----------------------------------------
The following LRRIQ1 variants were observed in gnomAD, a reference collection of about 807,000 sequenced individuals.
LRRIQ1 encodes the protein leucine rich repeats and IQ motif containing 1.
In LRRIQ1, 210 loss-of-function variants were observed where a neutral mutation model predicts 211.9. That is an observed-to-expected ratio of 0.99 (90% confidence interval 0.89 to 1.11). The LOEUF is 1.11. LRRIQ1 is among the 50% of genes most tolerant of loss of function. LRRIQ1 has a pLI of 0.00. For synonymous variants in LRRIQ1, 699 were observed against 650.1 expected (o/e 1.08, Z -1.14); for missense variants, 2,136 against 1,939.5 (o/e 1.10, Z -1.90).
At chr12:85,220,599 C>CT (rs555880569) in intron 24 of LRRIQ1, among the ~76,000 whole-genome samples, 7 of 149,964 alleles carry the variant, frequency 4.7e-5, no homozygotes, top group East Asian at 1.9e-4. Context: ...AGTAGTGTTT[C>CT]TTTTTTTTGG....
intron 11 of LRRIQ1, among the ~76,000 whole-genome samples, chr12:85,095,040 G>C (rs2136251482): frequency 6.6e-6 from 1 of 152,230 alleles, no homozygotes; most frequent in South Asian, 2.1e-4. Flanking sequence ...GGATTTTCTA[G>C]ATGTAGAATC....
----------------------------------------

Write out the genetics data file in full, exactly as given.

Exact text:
The following LRRIQ1 variants were observed in gnomAD, a reference collection of about 807,000 sequenced individuals.
LRRIQ1 encodes the protein leucine rich repeats and IQ motif containing 1.
In LRRIQ1, 210 loss-of-function variants were observed where a neutral mutation model predicts 211.9. That is an observed-to-expected ratio of 0.99 (90% confidence interval 0.89 to 1.11). The LOEUF is 1.11. LRRIQ1 is among the 50% of genes most tolerant of loss of function. LRRIQ1 has a pLI of 0.00. For synonymous variants in LRRIQ1, 699 were observed against 650.1 expected (o/e 1.08, Z -1.14); for missense variants, 2,136 against 1,939.5 (o/e 1.10, Z -1.90).
At chr12:85,220,599 C>CT (rs555880569) in intron 24 of LRRIQ1, among the ~76,000 whole-genome samples, 7 of 149,964 alleles carry the variant, frequency 4.7e-5, no homozygotes, top group East Asian at 1.9e-4. Context: ...AGTAGTGTTT[C>CT]TTTTTTTTGG....
intron 11 of LRRIQ1, among the ~76,000 whole-genome samples, chr12:85,095,040 G>C (rs2136251482): frequency 6.6e-6 from 1 of 152,230 alleles, no homozygotes; most frequent in South Asian, 2.1e-4. Flanking sequence ...GGATTTTCTA[G>C]ATGTAGAATC....